• chemistry. the chemistry between Nia Long and Larenz Tate still translates after all these years. They are electric together, natural and sexy. Larenz Tate doesn’t really do it for me offscreen or onscreen as any other character but Darius Lovehall, and boy, is he HOT here. The rapport between Darius’s group of friends is also fantastic; they’re so at ease with each other you totally buy into all the stupid, pretentious things they say.
  • realistic characters. Love Jones has a remarkable lack of romantic drama archetypes. Both characters are equally responsible for their falling out. The hookup, casual sex culture they espouse is right on the money, and as the viewer, you can spend a good chunk of the movie thinking about how stupid they both are. All they had to do was–anyway it doesn’t matter.
  • romance. Back in the ’90s we didn’t think it was possible, but it turns out that there are romantic movies that actually have no romance in them. I give you every Katherine Heigl movie as a starting point. But Love Jones is really romantic.  Darius is a gentleman. In the old-fashioned- potentially- problematic- but I don’t care sort of way. He cooks Nina breakfast. He makes sure she gets home safe after a fight. He runs through Union Station–knocking down a man in his fervor, plus he dedicates his book to the chick.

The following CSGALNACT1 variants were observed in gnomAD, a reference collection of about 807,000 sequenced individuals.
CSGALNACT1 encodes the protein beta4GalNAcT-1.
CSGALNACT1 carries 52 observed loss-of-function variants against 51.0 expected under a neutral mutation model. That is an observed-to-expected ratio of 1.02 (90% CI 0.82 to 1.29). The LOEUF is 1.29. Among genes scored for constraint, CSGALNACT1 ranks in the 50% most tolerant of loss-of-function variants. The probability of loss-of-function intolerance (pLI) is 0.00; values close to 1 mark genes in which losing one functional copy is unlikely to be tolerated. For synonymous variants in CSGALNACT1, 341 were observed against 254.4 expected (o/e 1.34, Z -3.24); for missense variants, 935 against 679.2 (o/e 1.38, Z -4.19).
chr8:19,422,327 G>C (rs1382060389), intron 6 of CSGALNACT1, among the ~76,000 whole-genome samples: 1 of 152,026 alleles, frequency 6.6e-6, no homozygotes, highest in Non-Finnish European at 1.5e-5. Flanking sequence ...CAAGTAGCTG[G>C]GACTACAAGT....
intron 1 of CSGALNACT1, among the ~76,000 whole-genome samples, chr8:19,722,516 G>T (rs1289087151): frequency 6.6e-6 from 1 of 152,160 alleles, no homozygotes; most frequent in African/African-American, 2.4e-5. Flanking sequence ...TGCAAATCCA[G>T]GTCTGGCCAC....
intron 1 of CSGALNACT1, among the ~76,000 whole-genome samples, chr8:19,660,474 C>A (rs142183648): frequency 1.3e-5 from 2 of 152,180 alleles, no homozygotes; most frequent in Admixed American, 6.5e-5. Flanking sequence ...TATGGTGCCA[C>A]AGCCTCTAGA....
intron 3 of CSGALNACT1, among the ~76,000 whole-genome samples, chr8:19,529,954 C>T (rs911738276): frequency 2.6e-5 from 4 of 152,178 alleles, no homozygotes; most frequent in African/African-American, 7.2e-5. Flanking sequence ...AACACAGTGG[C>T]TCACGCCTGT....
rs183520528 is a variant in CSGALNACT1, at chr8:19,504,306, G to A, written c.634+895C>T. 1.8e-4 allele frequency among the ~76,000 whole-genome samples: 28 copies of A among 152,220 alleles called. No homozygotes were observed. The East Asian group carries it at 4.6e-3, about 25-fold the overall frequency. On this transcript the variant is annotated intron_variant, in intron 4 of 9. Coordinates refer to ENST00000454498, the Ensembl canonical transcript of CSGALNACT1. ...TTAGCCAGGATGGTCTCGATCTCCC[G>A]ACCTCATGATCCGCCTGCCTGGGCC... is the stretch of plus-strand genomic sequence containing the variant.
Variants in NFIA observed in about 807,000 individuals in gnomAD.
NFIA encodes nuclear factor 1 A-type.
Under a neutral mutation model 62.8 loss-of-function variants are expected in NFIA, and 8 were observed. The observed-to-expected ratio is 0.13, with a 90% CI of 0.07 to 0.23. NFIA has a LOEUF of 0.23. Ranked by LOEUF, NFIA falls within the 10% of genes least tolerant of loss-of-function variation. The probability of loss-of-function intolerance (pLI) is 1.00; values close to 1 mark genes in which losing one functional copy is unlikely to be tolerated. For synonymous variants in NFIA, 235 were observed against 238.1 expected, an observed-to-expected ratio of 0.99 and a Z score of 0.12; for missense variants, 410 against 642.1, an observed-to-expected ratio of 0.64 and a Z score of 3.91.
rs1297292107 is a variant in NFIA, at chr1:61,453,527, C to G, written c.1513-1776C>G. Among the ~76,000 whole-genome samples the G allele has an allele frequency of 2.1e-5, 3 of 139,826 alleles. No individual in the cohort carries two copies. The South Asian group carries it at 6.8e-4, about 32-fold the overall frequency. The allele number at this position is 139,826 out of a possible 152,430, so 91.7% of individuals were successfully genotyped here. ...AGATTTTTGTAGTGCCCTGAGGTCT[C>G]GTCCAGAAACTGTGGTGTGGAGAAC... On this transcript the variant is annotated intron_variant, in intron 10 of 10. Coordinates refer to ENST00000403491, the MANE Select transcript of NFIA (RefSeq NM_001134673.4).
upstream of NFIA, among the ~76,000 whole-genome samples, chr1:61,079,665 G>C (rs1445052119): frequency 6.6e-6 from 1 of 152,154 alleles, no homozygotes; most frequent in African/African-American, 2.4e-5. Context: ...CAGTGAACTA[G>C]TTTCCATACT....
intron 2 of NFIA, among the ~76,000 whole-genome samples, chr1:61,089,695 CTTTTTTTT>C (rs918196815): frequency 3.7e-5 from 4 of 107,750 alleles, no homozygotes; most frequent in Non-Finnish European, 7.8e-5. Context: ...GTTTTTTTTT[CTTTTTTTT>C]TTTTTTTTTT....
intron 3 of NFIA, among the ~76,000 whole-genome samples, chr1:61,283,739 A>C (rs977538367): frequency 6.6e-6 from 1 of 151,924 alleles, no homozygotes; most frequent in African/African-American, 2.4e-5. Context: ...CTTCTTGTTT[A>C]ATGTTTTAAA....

• cool. Love Jones is cool. You know what I mean. From the spoken word joints (even though I hate spoken word, I can appreciate what it does for the ambiance of a film) to the lovely turns of phrases –”goodbye, black people” Love Jones presents a side of African-American life that I have never really seen but want oh so desperately to be a part of. (Not that I don’t believe these people don’t exist, I just haven’t yet the pleasure of meeting them.) The movie drips with cool–Sheila is especially cool.  She’s got that expressive face, those awesome braids and a knowing smile–I spent most of the movie wishing I was her and wondering where her man was.
  • soundtrack. the only way Love Jones could be this cool was through the help of a sultry soundtrack– from the opening intonations of Dionne Ferris’s ‘Hopeless’ to Lauryn Hill’s ‘Sweetest Thing.’ –this here is some fantastic, baby-making music. And don’t get me started on ‘In a Sentimental Mood’ as played by John Coltrane; quite possibly the sexiest slow jam ever. Ever.

*I exaggerate of course. Like, 99.9%


4 Comments on “A second look at ‘Love Jones’”

  1. Nas says: